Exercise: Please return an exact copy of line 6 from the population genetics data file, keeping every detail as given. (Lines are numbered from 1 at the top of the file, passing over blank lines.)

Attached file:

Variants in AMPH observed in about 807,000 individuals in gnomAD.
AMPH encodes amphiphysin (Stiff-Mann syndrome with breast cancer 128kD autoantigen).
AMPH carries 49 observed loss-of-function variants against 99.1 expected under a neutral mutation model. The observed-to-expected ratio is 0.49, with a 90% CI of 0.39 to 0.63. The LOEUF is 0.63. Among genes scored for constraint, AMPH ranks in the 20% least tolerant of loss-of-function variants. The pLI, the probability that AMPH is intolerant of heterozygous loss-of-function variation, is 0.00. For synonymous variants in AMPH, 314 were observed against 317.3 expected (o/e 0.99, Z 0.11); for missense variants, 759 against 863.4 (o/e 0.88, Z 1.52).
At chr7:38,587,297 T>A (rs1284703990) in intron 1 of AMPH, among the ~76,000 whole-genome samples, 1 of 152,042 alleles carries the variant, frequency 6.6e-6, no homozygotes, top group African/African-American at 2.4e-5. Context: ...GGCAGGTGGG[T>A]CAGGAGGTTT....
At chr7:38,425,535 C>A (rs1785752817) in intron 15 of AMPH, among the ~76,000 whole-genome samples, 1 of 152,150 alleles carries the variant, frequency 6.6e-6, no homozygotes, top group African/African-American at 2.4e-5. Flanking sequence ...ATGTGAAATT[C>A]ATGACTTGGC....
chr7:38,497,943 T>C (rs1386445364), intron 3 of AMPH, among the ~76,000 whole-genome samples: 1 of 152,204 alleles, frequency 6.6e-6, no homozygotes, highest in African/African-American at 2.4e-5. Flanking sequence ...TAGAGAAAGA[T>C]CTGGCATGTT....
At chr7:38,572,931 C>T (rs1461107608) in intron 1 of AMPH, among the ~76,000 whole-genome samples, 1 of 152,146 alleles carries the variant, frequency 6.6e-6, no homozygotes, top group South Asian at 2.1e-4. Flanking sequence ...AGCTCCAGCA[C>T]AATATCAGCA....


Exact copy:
chr7:38,497,943 T>C (rs1386445364), intron 3 of AMPH, among the ~76,000 whole-genome samples: 1 of 152,204 alleles, frequency 6.6e-6, no homozygotes, highest in African/African-American at 2.4e-5. Flanking sequence ...TAGAGAAAGA[T>C]CTGGCATGTT....